Ancestral Pueblo: Greater Upper Rio Grande ValleyNorthern Rio GrandeRio Grande HispanicHispanic Utility Ware
 

Ware Name: Hispanic Utility Ware

First posted by C. Dean Wilson 2014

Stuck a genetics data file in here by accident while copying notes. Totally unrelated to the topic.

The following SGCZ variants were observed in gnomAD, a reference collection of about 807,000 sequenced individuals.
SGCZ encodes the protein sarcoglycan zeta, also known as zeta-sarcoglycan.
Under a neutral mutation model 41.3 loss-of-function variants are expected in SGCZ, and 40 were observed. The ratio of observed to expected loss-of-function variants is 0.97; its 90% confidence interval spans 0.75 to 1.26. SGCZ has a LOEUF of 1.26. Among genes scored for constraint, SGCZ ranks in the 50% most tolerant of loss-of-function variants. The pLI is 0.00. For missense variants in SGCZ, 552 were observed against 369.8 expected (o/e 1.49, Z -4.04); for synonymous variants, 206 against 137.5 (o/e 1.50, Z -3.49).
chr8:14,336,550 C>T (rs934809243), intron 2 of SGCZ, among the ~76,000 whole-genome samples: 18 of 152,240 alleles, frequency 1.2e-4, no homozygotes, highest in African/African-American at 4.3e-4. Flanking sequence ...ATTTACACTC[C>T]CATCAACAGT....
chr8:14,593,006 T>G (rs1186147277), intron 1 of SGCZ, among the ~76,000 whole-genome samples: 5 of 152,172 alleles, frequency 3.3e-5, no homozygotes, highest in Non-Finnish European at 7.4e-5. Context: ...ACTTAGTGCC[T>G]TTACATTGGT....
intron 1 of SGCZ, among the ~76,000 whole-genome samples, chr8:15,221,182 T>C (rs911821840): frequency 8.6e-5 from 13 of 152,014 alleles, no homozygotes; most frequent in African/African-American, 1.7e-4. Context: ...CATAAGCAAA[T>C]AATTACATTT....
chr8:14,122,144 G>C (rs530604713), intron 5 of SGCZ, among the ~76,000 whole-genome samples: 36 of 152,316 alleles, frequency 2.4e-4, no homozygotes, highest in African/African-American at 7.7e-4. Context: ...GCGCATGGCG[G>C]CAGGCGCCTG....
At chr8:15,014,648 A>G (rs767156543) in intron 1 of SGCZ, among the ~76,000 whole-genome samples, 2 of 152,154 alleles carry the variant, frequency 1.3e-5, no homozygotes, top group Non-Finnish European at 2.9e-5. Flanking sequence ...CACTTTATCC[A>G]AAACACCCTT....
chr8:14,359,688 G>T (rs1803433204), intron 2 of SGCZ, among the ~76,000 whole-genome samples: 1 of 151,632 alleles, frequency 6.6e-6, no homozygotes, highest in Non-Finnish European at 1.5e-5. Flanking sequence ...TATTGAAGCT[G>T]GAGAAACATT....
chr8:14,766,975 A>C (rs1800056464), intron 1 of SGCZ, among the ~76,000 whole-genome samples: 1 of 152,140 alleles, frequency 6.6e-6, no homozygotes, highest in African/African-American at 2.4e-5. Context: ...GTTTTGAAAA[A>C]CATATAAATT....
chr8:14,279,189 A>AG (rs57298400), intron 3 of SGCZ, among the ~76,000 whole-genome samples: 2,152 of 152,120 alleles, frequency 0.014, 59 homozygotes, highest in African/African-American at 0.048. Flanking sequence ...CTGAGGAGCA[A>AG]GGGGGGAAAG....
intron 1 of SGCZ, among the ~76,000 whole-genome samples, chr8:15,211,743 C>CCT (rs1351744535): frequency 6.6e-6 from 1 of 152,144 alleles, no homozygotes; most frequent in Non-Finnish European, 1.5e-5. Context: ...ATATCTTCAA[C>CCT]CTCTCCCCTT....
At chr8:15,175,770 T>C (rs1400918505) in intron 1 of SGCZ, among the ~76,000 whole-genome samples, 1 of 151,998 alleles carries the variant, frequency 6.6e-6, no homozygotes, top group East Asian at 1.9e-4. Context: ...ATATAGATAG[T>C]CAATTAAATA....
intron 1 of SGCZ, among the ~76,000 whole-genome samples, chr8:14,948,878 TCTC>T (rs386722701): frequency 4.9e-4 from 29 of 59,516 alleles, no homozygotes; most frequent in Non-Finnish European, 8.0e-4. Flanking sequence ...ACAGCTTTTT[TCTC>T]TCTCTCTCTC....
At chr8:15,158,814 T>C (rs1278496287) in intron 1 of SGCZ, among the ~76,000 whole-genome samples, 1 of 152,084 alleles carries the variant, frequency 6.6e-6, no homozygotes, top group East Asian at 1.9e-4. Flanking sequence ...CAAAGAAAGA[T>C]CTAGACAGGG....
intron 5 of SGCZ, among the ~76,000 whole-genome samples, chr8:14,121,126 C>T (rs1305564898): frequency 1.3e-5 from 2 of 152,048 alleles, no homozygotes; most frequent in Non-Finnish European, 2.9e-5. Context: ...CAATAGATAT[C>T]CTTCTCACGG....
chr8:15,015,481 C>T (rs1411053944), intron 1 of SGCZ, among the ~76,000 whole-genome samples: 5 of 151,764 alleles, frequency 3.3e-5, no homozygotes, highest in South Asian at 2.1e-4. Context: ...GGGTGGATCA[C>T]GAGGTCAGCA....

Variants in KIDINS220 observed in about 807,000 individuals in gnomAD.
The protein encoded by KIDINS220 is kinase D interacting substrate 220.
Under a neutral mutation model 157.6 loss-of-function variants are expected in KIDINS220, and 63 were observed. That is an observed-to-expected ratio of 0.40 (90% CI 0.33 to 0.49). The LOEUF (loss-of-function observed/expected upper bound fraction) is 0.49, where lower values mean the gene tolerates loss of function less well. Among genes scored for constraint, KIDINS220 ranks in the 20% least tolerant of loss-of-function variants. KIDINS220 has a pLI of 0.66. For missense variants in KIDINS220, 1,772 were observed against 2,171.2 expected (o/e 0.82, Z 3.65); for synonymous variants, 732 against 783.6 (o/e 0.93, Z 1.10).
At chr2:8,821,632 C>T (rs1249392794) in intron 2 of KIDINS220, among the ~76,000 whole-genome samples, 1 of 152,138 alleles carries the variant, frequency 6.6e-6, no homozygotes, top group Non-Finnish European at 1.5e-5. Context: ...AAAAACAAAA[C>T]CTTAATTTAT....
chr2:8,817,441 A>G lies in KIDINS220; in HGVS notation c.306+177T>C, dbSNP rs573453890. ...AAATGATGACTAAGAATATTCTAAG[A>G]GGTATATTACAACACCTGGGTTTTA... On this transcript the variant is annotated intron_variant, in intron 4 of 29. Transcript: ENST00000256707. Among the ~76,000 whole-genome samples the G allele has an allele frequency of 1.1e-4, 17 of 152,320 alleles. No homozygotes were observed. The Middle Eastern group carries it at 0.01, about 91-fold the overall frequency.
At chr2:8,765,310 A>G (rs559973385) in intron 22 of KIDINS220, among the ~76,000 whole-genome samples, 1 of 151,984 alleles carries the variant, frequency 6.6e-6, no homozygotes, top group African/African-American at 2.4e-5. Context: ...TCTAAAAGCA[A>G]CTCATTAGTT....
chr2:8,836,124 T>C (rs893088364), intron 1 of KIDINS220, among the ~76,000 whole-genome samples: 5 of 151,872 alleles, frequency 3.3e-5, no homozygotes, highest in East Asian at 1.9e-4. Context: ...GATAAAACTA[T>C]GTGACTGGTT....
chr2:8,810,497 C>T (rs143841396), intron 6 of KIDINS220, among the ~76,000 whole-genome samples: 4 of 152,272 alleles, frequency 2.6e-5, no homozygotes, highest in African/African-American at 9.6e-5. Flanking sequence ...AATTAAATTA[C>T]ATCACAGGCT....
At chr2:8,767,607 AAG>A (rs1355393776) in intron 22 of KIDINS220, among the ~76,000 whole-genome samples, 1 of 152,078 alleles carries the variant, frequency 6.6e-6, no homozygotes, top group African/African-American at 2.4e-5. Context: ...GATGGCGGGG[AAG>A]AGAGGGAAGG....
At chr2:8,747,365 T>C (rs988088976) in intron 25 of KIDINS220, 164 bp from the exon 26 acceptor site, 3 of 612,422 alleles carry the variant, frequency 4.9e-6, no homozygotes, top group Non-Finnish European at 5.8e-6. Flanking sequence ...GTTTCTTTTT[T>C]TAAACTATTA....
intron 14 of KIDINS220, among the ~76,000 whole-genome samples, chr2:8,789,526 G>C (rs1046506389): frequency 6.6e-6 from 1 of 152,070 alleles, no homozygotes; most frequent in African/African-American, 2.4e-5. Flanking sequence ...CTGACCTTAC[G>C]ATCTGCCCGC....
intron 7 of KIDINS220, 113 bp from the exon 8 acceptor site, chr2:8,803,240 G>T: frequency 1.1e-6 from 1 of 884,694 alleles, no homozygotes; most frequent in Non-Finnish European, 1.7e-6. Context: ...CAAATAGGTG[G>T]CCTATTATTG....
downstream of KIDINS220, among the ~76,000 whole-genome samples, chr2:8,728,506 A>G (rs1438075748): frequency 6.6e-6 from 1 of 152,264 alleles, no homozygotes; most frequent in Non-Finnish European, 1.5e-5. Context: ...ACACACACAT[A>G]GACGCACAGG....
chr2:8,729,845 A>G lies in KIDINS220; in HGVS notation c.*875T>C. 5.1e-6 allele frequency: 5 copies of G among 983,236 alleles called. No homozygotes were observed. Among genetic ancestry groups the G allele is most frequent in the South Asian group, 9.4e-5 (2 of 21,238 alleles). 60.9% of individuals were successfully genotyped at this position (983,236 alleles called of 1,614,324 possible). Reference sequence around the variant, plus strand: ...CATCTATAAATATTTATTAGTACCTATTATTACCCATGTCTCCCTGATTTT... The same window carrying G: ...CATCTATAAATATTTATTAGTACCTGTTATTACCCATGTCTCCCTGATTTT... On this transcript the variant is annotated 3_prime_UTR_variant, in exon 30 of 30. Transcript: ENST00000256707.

Hispanic Plain Ware refers to forms thought to reflect the adoption of a Pueblo plain ware technology by Hispanic villagers. Plain ware forms produced by Pueblo potters since the early Colonial period could have been easily been produced and used by individuals in Hispanic villages given these forms seem to have been the result of a series of innovations that resulted in simple forms that were mass-produced by Pueblo potters on a large scale, and were designed to effectively meet the everyday needs of Hispanic households in villages and settlements scattered across the New Mexico frontier. Pottery, reflecting vessels that may have been produced by Hispanic potters, are often difficult to distinguish from analogous Pueblo forms, but attempts have been made to distinguish Hispanic types by their common occurrence on Hispanic villages, the presence of temper and pastes distinct from those noted in contemporaneous Pueblo forms, quality of workmanship, and the occurrence of traits or decorations not normally noted in contemporaneous Pueblo pottery types (Brody 1966; Carillo 1997; Dick 1968; Hurt and Dick 1946). Types described in this document have so far been limited to forms exhibiting surface or slipped treatments not normally noted in historic Pueblo types, but descriptions of other types defined based on difference in pastes and temper may be presented later. For examples, while Manzano Black refers to forms that were clearly produced by Hispanic potters, this type is mentioned in the description of Tewa Black presented in this document, but it has not yet been described here as a distinct type.



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